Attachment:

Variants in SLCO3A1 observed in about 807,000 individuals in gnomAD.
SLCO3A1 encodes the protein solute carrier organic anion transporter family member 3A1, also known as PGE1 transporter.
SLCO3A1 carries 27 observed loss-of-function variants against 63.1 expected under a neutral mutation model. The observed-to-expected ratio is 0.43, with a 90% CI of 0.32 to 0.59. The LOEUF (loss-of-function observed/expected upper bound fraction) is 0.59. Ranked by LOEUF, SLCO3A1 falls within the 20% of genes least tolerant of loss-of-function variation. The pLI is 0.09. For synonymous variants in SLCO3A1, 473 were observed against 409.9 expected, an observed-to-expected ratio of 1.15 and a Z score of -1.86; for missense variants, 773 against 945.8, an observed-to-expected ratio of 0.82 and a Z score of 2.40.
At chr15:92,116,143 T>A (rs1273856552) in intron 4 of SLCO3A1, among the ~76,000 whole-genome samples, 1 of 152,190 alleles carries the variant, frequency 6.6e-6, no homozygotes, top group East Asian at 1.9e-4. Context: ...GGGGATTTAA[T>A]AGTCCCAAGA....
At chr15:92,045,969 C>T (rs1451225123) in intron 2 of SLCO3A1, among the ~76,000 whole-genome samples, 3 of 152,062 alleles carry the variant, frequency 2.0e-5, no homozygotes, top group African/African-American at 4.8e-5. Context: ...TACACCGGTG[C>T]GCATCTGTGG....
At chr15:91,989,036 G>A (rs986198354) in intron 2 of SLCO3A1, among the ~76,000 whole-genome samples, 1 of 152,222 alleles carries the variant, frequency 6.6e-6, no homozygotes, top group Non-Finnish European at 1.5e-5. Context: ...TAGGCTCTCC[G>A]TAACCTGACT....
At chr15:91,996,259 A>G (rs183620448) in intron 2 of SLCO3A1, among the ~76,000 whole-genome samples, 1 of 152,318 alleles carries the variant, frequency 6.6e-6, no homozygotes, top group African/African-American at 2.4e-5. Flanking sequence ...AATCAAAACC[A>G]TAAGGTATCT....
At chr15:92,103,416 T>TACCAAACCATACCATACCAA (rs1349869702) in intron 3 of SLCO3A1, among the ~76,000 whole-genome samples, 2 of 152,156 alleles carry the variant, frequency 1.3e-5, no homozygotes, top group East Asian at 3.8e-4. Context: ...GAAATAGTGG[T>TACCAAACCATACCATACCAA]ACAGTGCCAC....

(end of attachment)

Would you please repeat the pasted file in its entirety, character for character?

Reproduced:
Variants in SLCO3A1 observed in about 807,000 individuals in gnomAD.
SLCO3A1 encodes the protein solute carrier organic anion transporter family member 3A1, also known as PGE1 transporter.
SLCO3A1 carries 27 observed loss-of-function variants against 63.1 expected under a neutral mutation model. The observed-to-expected ratio is 0.43, with a 90% CI of 0.32 to 0.59. The LOEUF (loss-of-function observed/expected upper bound fraction) is 0.59. Ranked by LOEUF, SLCO3A1 falls within the 20% of genes least tolerant of loss-of-function variation. The pLI is 0.09. For synonymous variants in SLCO3A1, 473 were observed against 409.9 expected, an observed-to-expected ratio of 1.15 and a Z score of -1.86; for missense variants, 773 against 945.8, an observed-to-expected ratio of 0.82 and a Z score of 2.40.
At chr15:92,116,143 T>A (rs1273856552) in intron 4 of SLCO3A1, among the ~76,000 whole-genome samples, 1 of 152,190 alleles carries the variant, frequency 6.6e-6, no homozygotes, top group East Asian at 1.9e-4. Context: ...GGGGATTTAA[T>A]AGTCCCAAGA....
At chr15:92,045,969 C>T (rs1451225123) in intron 2 of SLCO3A1, among the ~76,000 whole-genome samples, 3 of 152,062 alleles carry the variant, frequency 2.0e-5, no homozygotes, top group African/African-American at 4.8e-5. Context: ...TACACCGGTG[C>T]GCATCTGTGG....
At chr15:91,989,036 G>A (rs986198354) in intron 2 of SLCO3A1, among the ~76,000 whole-genome samples, 1 of 152,222 alleles carries the variant, frequency 6.6e-6, no homozygotes, top group Non-Finnish European at 1.5e-5. Context: ...TAGGCTCTCC[G>A]TAACCTGACT....
At chr15:91,996,259 A>G (rs183620448) in intron 2 of SLCO3A1, among the ~76,000 whole-genome samples, 1 of 152,318 alleles carries the variant, frequency 6.6e-6, no homozygotes, top group African/African-American at 2.4e-5. Flanking sequence ...AATCAAAACC[A>G]TAAGGTATCT....
At chr15:92,103,416 T>TACCAAACCATACCATACCAA (rs1349869702) in intron 3 of SLCO3A1, among the ~76,000 whole-genome samples, 2 of 152,156 alleles carry the variant, frequency 1.3e-5, no homozygotes, top group East Asian at 3.8e-4. Context: ...GAAATAGTGG[T>TACCAAACCATACCATACCAA]ACAGTGCCAC....